How Long Should I Rest Between Sets?

by Tony Bonvechio
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How Long Should I Rest Between Sets?

The late, great Tom Petty once sang, “The waiting is the hardest part.” And while resting between sets isn’t the hardest part of working out, it’s often taken for granted.  

Sure, you might know how to pick your exercises, sets, reps and weights, but do you know how long you should rest between sets? Whether you’re trying to lose weight, gain muscle or get stronger, tracking your rest periods can help you reach your goals faster.

The next time you’re mindlessly checking your phone or chatting with a friend between sets, remember these simple rules for effective rest periods.


Before we get to specific rest periods, it helps to understand why we need to rest between sets. Rest periods allow us to recover adenosine triphosphate (ATP), our body’s main source of fuel for exercise.

Think of your body like a car. You only have so much gas in the tank — and the faster and further you drive, the more you have to stop at the gas station. But the more you work out, the better your body’s fuel efficiency.

Our ATP stores, along with heart rate and oxygen consumption, determine how much energy we can produce and contribute to each bout of exercise.

Our body produces ATP via three energy systems:

  • Phosphocreatine: Produces quick energy for intense exercise (i.e. sprints, heavy strength training) but doesn’t last long and takes awhile to recover. This system depletes after about 6 seconds of all-out exercise and takes about 3 minutes to recover.
  • Glycolytic: Produces energy for short- and moderate-duration intense exercise (i.e. heavy strength training for more than 8 reps, sprints longer than 6 seconds), but can last a little longer than the phosphocreatine system — up to 2 minutes or so. Produces lactate as a byproduct that creates that nasty, burning sensation that makes your lungs and muscles want to quit. This system’s recovery time depends on your aerobic fitness; the fitter you are, the faster your body can get rid of lactate.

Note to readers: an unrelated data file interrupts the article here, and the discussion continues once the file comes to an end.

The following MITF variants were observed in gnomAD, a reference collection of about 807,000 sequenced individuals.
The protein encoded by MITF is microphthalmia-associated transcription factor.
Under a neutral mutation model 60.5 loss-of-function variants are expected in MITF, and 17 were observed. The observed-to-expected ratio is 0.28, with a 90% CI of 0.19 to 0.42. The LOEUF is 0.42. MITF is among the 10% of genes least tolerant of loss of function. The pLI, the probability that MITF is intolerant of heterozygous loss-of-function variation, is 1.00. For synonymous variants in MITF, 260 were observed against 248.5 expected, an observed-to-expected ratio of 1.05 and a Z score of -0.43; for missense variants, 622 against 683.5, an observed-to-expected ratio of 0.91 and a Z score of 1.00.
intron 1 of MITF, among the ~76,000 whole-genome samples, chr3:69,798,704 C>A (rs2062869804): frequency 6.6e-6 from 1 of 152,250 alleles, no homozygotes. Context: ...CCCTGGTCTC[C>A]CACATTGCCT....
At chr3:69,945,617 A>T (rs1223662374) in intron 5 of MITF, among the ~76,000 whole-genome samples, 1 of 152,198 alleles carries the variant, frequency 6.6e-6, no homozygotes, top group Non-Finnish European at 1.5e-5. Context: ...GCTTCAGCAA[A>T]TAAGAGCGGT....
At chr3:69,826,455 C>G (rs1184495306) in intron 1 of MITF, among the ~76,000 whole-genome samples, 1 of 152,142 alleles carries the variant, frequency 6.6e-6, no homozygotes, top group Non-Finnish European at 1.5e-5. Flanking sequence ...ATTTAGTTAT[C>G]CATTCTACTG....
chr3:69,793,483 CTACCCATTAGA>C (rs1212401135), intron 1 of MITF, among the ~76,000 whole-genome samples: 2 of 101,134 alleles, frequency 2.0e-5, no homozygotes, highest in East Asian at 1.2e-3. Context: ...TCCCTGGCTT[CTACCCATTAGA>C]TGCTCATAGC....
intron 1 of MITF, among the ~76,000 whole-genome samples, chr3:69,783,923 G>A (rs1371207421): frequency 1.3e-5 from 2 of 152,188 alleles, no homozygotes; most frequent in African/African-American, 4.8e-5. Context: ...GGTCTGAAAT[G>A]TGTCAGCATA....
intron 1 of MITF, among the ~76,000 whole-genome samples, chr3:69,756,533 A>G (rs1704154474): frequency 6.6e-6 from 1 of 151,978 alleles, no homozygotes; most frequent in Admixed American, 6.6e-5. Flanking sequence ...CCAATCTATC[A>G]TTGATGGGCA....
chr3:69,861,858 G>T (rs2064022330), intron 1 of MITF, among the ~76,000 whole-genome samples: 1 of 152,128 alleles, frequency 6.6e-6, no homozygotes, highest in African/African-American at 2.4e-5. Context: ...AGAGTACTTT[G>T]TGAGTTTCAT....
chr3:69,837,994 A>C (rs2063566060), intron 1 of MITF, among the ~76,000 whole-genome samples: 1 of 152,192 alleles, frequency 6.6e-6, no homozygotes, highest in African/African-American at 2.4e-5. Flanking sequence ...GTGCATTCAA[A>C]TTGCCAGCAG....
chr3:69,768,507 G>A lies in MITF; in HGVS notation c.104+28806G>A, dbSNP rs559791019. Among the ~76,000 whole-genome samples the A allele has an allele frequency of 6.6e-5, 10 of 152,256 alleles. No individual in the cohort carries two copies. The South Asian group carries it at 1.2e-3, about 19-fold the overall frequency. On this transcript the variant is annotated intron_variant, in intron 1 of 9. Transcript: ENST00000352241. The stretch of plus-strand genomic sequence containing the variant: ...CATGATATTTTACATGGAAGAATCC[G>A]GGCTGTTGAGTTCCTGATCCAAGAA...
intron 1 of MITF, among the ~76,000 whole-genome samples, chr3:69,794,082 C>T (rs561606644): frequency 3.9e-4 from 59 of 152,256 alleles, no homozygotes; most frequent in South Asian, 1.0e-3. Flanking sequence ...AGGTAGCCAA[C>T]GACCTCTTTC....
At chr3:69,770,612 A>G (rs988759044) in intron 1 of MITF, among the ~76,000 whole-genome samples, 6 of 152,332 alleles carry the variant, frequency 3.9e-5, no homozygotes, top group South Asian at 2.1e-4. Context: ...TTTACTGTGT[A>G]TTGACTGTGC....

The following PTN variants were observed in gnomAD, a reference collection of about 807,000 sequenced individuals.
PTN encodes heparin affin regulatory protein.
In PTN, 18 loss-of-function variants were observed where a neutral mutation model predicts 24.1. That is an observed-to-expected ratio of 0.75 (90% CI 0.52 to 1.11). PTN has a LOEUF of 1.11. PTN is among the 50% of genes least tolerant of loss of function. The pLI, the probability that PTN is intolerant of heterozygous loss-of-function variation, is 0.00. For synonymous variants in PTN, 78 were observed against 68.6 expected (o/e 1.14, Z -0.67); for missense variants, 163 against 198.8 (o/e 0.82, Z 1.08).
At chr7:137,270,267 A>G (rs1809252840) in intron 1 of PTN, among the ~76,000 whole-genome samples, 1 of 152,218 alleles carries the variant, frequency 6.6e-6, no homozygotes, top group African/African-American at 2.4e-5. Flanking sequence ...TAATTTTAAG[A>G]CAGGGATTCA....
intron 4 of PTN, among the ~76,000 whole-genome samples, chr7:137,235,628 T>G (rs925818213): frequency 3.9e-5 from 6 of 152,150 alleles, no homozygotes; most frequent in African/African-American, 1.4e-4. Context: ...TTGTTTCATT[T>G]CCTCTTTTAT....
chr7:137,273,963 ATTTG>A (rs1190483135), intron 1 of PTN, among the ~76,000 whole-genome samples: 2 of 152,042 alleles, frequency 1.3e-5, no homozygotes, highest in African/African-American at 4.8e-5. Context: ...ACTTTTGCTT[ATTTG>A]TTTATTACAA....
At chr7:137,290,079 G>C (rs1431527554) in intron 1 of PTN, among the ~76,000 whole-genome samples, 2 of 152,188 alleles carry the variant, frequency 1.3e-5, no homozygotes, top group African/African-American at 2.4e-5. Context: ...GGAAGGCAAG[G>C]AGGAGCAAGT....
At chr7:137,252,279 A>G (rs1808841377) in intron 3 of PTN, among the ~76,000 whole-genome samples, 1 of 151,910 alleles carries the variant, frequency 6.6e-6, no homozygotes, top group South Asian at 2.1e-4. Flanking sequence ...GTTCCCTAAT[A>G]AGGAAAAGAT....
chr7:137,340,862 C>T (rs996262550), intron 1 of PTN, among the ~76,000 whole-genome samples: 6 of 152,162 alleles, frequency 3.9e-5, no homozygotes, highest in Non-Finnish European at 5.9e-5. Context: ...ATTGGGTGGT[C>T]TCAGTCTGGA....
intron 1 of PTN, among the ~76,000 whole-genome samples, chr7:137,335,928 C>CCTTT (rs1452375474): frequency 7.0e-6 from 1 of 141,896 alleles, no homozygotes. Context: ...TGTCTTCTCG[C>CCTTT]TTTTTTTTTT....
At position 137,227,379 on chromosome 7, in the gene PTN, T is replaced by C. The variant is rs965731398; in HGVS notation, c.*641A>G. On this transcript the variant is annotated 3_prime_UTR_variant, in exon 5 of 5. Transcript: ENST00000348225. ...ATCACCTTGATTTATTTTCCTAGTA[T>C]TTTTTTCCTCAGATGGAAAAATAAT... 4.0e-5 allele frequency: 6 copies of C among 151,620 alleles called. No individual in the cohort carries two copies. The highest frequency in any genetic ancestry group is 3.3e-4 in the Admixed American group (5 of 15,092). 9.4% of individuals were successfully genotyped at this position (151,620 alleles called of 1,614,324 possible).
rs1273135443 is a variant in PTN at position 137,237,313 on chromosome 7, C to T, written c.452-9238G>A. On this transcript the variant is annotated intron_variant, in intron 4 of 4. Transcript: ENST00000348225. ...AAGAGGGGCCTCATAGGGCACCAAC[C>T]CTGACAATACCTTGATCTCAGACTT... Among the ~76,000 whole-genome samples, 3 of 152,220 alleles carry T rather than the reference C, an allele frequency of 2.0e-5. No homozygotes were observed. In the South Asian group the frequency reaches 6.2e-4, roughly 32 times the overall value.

• Oxidative: Produces energy for long-duration, low-intensity exercise such as jogging, hiking and biking. This system can produce energy for hours at a time, as long as you aren’t working too hard. This system is also responsible for recovering the other two systems, so the more aerobically fit you are, the faster you’ll recover between sets.


Now that the science lesson is over (thank goodness), here’s the bottom line: Your rest periods should align with your goals. Shorter, more-intense exercise that uses the phosphocreatine or glycolytic systems require more rest, while longer-duration, less intense workouts that rely on the oxidative system require shorter rest periods.

Explosive exercises that require fast movements also require long rest periods. That’s because these exercises use a ton of energy all at once and also require a lot of skill. You don’t want to be doing highly coordinated movements like jumps or power cleans when you’re exhausted, as the risk of injury increases exponentially.

Similar to power exercises, heavy strength training also burns a ton of energy quickly. You need to let the phosphocreatine system recover so you have the fuel to push through heavy sets without failing.

If your goal is toned muscles, rest less between sets. By tapping into the glycolytic system, your muscles fill up with lactate, which burns like crazy but sends your body the right signals to trigger muscle growth. If the “pump” goes away completely between sets, you’re resting too long!

If you want unbreakable endurance, rest as little as possible. If you’re doing light strength training, keep the rest to 60 seconds or less. And if you’re performing aerobic exercise like running or biking, don’t stop at all! Choose a pace that lets you keep going for an extended period.

To shed the pounds, you need to work hard and keep rest periods short. You want incomplete recovery so you ramp up your metabolism and expend more calories. As a general rule, don’t rest any longer than the length of your set. For example, if you did a set of kettlebell swings for 30 seconds, don’t rest longer than 30 seconds before starting again.



Now that you understand the importance of rest periods, start keeping track of rest between sets. Use your phone or wristwatch or even grab an old-school stopwatch to keep yourself accountable. You may be surprised how long you’ve been resting without even realizing it. You’ll be even more surprised by how much faster you progress once you use the right rest periods.

About the Author

Tony Bonvechio

Tony Bonvechio (@bonvecstrength) is the co-owner of The Strength House in Worcester, MA, where he trains primarily powerlifters and team sport athletes. A former college baseball player turned powerlifter, he earned his Master’s degree in Exercise Science from Adelphi University. You can read more from Tony at


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